HR Glossary  >   Grievance


What is Grievance?

A grievance is when the employees are dissatisfied with the company’s policies, working conditions, manager’s behavior, etc. It generally occurs when there is a difference in what is expected and what is received from the company. When employees have concerns, it's crucial to tackle them appropriately by the leadership team. Because it not only lowers employee motivation but also affects the work environment. If these issues aren't resolved, they could lead to significant disputes in the company, which can also demotivate other employees. In order to keep the employees motivated, many companies have a grievance policy in place to ensure timely addressing of their grievances.

For example,

  • An organisation has 50 employees and 4 departments.
  • The performance analysis of all the employees of different departments are going on.
  • From all the departments, the deserving employees are rewarded and given appraisals.
  • One of the employees who didn't receive the appraisal raised a grievance against the manager and the management as he felt discriminated against by the other employees.


What Are Grievance Procedure And Redressal?

When employees raise a grievance, it's the employers' responsibility to resolve the issues as soon as it is made. The way to handle grievances can be different for organizations according to their type and working conditions. However, the way to address and solve the employees' issues is the grievance procedure and redressal.

Companies, in order to effectively manage the problems, need an employee grievance policy that holds all the formal procedures. Without any set rules, it could be difficult for the authorities to address the issues. Also, the management should clearly describe the grievance procedure and policy to the employees and make it easily approachable.


Frequently Asked Questions

What are the causes of employee grievance?

Some of the common causes of employee grievance are:

  • Organizational changes in working hours, policies, or rules may not suit the employees and raise grievances.
  • Unsatisfactory salary or incentive.
  • Biases among employees.
  • Lack of safety and disciplinary policies.

What are the types of grievances?

The three common types of grievances are:

  • Personal grievance: The grievance of the individual employee against the management. These grievances can cover various issues, such as unfair treatment, discrimination, harassment, contractual disputes, workplace safety concerns, or issues related to job responsibilities. Personal grievances are often specific to the experiences or concerns of a single employee and may require resolution through a formal grievance procedure or human resources intervention.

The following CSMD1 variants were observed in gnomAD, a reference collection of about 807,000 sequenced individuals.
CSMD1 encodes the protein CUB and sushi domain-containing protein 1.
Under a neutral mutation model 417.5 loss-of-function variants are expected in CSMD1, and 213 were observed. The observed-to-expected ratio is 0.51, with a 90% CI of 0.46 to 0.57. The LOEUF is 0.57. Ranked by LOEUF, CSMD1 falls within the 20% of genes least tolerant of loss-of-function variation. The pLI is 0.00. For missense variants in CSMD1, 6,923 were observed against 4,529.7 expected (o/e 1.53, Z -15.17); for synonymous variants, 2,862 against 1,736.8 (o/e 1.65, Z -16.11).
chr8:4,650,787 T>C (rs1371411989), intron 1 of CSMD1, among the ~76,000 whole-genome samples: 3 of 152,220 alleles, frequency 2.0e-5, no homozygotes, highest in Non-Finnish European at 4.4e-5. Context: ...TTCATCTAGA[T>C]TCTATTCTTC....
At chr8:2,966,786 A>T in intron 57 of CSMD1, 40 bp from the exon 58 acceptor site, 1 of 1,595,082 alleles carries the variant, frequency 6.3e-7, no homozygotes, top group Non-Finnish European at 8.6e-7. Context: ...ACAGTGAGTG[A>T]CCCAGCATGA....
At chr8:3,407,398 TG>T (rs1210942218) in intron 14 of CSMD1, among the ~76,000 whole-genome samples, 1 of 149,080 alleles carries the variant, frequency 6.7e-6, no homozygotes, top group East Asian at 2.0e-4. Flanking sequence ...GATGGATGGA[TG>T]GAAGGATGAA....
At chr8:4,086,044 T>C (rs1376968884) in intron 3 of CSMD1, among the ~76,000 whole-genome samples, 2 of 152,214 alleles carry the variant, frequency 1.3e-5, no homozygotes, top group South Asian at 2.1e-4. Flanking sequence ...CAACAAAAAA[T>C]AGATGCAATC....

• Group grievance: The group of employees raises grievances against the same problem. A group grievance involves multiple employees collectively raising concerns about a common issue or problem within the workplace, such as workplace conditions, salary issues, changes in company policies, or any other concern that affects a group of employees. Group grievances are more effective and significant than personal grievances, highlighting systemic problems within the organisation.
  • Union grievance: The grievance against policies raised by unions. It is seen rarely because unions don’t exist in a corporate setup. But in this type, the entire union complains against the management generally over contract misinterpretation.

Who is responsible for handling the grievances in the organization?

Most commonly, the human resource management handles the grievances in the organization involving the managers. However, as per the grievance policy of the organization, that can change.

What are the ways to effectively handle employee grievances?

Some ways to handle employee grievances effectively are:

  • Frame strong policies for grievances.
  • Investigate the situation appropriately.
  • Involve all related members and discuss.
  • Keep records of all the details in writing.

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